Is a lack of pressure to blame for World Cup exits?

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Is a lack of pressure to blame for World Cup exits?

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Image: Shine 2010-2010 world cup good news

For those of you who are football fans, many of the results from the group stages of the World Cup such as past winners Italy and France exiting from the competition at this early stage will have come as a surprise.  Other countries (including England) have not lived up to the promise of the qualifying matches.  For those of you who couldn’t care less – maybe you could be persuaded to ponder if the reason is scientific.

Even if you are not a fan, you will know that the tournament is being held in South Africa, and many of the grounds there are at a high elevation.  Cape Town, Port Elizabeth and Durban, three of the nine venues being used are at sea level, but the six others are at high altitude.

Johannesburg is the highest venue (1765m above sea level), followed by Nelspruit (1741 metres), Rustenburg (1500 metres), Blomfontein (1400 metres), Pretoria (1370 metres) and Polokwane (1312 metres).  Could this be the reason why so many players are struggling to shine?

I was interested to see if there was a link between the height of the different countries and how well they did in the group stages.  Surely players that came from very low-lying areas of the world were at a disadvantage in this World Cup?  The data I gathered is supplied in this Excel spreadsheet.  The first column shows the height of the tallest point in the country (I reasoned that countries with the highest point would overall be the highest), the second column is the number of points they earned in the group stage.

Students could be given this table and draw a scatter graph from the data to see if there is any correlation.  As you can see from the graph in the image, the trend looks disappointingly inconclusive, but getting students to do this exercise is a great way of practising their graph drawing skills and looking at the relationships between variables.  They could also have a discussion on possible flaws in this study.  Did some countries undertake altitude training before the tournament (The Netherlands did extensively, and it looks like it paid off), maybe some players from low-lying countries play in teams in higher countries?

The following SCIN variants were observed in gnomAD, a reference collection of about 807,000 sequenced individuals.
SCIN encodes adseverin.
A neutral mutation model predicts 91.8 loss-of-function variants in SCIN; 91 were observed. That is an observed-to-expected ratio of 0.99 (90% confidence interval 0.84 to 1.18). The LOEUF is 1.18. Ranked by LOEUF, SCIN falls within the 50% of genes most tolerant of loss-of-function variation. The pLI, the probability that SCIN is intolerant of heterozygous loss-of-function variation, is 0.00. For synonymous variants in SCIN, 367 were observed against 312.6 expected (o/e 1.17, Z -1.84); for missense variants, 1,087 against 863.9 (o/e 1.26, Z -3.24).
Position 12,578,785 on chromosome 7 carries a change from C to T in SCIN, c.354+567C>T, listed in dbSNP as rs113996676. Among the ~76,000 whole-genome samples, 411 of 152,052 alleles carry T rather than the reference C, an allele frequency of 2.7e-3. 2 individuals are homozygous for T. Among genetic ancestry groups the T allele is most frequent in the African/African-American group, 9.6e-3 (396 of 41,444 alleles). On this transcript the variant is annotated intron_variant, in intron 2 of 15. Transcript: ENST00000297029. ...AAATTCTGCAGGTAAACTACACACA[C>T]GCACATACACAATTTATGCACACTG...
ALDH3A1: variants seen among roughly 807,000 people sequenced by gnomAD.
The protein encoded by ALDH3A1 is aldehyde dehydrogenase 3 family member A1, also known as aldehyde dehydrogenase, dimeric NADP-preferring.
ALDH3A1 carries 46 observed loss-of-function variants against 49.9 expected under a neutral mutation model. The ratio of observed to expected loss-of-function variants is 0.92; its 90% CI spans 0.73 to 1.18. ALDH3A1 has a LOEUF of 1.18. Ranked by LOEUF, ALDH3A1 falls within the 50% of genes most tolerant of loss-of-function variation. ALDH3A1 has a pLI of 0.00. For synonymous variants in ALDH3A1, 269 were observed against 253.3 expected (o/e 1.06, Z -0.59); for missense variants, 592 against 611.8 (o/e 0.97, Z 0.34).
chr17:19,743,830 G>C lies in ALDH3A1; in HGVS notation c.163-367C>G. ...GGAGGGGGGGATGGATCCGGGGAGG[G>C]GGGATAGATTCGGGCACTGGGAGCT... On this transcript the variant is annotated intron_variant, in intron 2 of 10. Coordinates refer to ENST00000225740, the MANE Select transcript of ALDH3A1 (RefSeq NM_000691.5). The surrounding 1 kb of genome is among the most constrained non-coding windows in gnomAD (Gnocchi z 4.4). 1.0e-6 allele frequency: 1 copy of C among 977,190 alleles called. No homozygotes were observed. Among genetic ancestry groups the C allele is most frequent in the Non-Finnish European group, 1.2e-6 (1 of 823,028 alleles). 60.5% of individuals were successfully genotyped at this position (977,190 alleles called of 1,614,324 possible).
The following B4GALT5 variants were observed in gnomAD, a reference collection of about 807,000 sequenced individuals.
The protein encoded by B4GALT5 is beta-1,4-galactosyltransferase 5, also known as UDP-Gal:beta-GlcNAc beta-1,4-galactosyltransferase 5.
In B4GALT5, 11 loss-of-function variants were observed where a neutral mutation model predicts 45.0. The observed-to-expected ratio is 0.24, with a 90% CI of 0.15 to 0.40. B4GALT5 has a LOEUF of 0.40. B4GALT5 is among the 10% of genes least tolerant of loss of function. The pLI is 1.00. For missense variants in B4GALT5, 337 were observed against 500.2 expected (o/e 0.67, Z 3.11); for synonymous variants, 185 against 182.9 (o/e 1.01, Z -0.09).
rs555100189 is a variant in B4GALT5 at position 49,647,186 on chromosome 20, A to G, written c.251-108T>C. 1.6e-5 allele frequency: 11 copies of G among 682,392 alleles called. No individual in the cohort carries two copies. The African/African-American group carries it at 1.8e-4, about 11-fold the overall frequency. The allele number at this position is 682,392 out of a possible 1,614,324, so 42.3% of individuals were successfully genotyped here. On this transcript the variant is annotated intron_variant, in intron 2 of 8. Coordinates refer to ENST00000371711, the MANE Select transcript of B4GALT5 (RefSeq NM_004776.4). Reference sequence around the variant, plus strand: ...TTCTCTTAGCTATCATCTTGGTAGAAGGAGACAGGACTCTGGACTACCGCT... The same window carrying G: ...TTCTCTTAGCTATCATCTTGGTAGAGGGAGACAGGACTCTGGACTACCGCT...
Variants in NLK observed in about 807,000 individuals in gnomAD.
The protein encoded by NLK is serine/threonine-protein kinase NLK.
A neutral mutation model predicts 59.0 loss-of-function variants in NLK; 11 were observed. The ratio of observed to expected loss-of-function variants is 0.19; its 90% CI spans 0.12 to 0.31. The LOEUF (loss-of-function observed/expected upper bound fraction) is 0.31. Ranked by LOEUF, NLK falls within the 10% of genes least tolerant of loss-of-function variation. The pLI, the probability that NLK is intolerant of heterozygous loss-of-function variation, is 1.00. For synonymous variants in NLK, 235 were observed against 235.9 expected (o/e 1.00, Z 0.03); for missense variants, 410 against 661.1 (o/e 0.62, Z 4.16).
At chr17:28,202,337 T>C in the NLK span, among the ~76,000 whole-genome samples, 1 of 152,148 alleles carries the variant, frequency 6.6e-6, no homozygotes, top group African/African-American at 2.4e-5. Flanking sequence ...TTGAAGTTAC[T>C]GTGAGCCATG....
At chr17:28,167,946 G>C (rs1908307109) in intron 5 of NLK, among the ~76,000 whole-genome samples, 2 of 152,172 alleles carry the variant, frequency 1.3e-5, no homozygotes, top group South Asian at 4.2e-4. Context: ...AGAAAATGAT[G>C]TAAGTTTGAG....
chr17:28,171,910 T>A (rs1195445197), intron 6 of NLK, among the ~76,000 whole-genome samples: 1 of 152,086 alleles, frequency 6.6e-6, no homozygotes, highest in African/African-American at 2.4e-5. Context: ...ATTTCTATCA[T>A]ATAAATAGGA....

Even if this link is not apparent in the data, playing at a high altitude has been affecting some players.  The higher the altitude, the lower the air pressure and this means that the air is less dense – and the decrease in amount of oxygen available can have a physiological impact on the players.

How this affects the body can be highlighted in a KS4/5 lesson on oxygen uptake.  At these high altitudes, the maximum amount of oxygen that is supplied to the muscles of the players (VO2 max) during the game will be less than at sea level.  Students can explore what impact this would have on the players muscles, and how this would be a problem whilst exercising.  For KS5 students, a much more in depth discussion on the affects of low air pressure on oxygen saturation of haemoglobin can be started using this as an example.

You could also talk about the reasons why some teams have been training at higher altitudes – see this website for more information for how altitude training works.   It seems to do the trick – Jermaine Defoe who scored the vital goal for England on Wednesday match sleeps in an altitude chamber.

You could also use this in a physics lesson.  A lower density of air will have an effect on how quickly the ball travels through the air.  The predictability of how it will move will also be affected.  Students can be encouraged to explain why the ball is faster using ideas about particles and forces.  They could also draw force diagrams to show the difference in the size of the forces when a ball travels through the air at sea level and at some of the higher grounds in South Africa.

Now, let’s hope that science can deliver and that Argentina’s high altitude helps them to smash Germany in the quarter-finals on Saturday – no hard feelings!